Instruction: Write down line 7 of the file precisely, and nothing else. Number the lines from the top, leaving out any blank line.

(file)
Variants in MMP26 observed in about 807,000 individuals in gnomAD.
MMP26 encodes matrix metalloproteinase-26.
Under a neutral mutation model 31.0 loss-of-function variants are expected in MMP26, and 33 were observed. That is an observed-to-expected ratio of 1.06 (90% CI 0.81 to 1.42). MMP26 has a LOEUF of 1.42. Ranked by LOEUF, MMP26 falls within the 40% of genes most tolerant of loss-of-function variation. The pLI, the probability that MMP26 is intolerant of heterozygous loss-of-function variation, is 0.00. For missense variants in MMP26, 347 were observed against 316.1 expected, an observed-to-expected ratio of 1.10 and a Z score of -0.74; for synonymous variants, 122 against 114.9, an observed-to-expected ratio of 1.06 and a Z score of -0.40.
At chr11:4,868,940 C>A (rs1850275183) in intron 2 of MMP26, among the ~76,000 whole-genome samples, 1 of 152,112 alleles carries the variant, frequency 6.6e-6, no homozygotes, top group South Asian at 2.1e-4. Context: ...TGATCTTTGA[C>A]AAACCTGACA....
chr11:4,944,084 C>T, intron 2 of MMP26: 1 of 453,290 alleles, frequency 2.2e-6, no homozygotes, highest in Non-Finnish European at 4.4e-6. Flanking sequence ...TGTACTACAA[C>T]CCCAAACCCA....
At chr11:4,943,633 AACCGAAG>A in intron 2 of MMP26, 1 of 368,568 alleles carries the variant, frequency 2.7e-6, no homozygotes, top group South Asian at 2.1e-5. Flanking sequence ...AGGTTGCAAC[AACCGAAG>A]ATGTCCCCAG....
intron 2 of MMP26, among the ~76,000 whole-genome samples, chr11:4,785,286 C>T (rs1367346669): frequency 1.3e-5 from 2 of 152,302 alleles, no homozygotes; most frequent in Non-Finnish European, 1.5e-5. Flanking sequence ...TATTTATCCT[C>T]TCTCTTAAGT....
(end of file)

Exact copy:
intron 2 of MMP26, among the ~76,000 whole-genome samples, chr11:4,785,286 C>T (rs1367346669): frequency 1.3e-5 from 2 of 152,302 alleles, no homozygotes; most frequent in Non-Finnish European, 1.5e-5. Flanking sequence ...TATTTATCCT[C>T]TCTCTTAAGT....